THE government was protecting the Philippines’ competitive position as an investment destination, Finance Secretary Carlos G. Dominguez III said late last week when asked about President Rodrigo R. Duterte’s veto of the Security of Tenure (SoT) bill Thursday night.

“This SoT bill has to protect our competitiveness. You know whatever they do, they have to remember also that the Supreme Court (has ruled that) promoting the interest of labor does not mean destroying capital or management,” Mr. Dominguez told reporters on the sidelines of the Banker’s Night on Friday held at the Bangko Sentral ng Pilipinas (BSP) headquarters.

Mr. Duterte vetoed the bill on July 26, just a day before it was due to lapse into law.

Mr. Dominguez concurred with National Economic and Development Authority (NEDA) Secretary Ernesto M. Pernia’s view that the bill then awaiting the President’s signature needed to be “tweaked” to achieve a balance between workers’ and investors’ interests.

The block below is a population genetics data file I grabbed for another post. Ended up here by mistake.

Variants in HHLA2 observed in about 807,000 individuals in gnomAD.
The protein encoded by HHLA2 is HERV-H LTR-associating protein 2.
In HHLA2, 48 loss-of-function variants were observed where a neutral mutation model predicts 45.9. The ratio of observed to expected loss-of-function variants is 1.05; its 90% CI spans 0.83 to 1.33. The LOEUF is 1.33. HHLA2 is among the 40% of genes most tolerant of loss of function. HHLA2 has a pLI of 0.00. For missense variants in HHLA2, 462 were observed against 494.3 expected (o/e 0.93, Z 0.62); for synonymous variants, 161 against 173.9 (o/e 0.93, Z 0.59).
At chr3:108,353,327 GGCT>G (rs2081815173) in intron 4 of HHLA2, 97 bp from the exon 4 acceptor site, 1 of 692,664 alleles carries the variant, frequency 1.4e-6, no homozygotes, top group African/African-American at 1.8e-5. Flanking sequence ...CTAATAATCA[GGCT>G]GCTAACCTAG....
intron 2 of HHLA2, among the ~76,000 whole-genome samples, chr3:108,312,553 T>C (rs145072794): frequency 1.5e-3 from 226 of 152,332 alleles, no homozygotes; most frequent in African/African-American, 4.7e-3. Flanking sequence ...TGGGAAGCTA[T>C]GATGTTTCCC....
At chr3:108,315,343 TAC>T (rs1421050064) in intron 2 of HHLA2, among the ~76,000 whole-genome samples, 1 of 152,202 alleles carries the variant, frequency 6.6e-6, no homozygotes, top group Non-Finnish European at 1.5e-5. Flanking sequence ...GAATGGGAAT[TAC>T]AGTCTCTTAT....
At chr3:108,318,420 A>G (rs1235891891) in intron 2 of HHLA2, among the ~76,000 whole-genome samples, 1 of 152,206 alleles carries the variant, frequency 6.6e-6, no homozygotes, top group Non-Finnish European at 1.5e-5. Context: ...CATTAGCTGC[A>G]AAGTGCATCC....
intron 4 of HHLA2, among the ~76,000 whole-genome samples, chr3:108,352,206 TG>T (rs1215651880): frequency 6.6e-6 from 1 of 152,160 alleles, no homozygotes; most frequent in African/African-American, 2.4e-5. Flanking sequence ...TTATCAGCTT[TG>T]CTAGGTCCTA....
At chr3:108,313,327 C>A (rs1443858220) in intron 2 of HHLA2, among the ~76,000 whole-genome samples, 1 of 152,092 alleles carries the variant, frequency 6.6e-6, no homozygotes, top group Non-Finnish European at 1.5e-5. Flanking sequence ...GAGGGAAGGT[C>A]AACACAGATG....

Mr. Dominguez described the veto as an opportunity to reconsider and improve the competitiveness aspect of the bill.

Asked if the veto was a good thing, Mr. Dominguez replied: “I think so. I mean the veto doesn’t mean don’t do it, the veto means you think about it again.”

Before the veto, labor groups like the Trade Union Congress of the Philippines (TUCP) had reminded the President of his campaign promise to end all forms of labor contracting.

“While the bill mostly codifies into law existing rules, regulations, orders and jurisprudence on matters of labor-only contraction and security of tenure, it likewise unduly broadens the scope and definition of prohibited labor-only contracting, effectively proscribing forms of contractualization that are not particularly unfavorable to the employees involved,” the President said in his veto message read.

“‘You just improve the competitiveness of the Philippines, and make sure that it is even-handed. Because you know you have three elements — labor, capital, and management. Everybody’s role has to be enhanced simultaneously, hindi pwedeng (it cannot be) one or the other,” Mr. Dominguez said. — Beatrice M. Laforga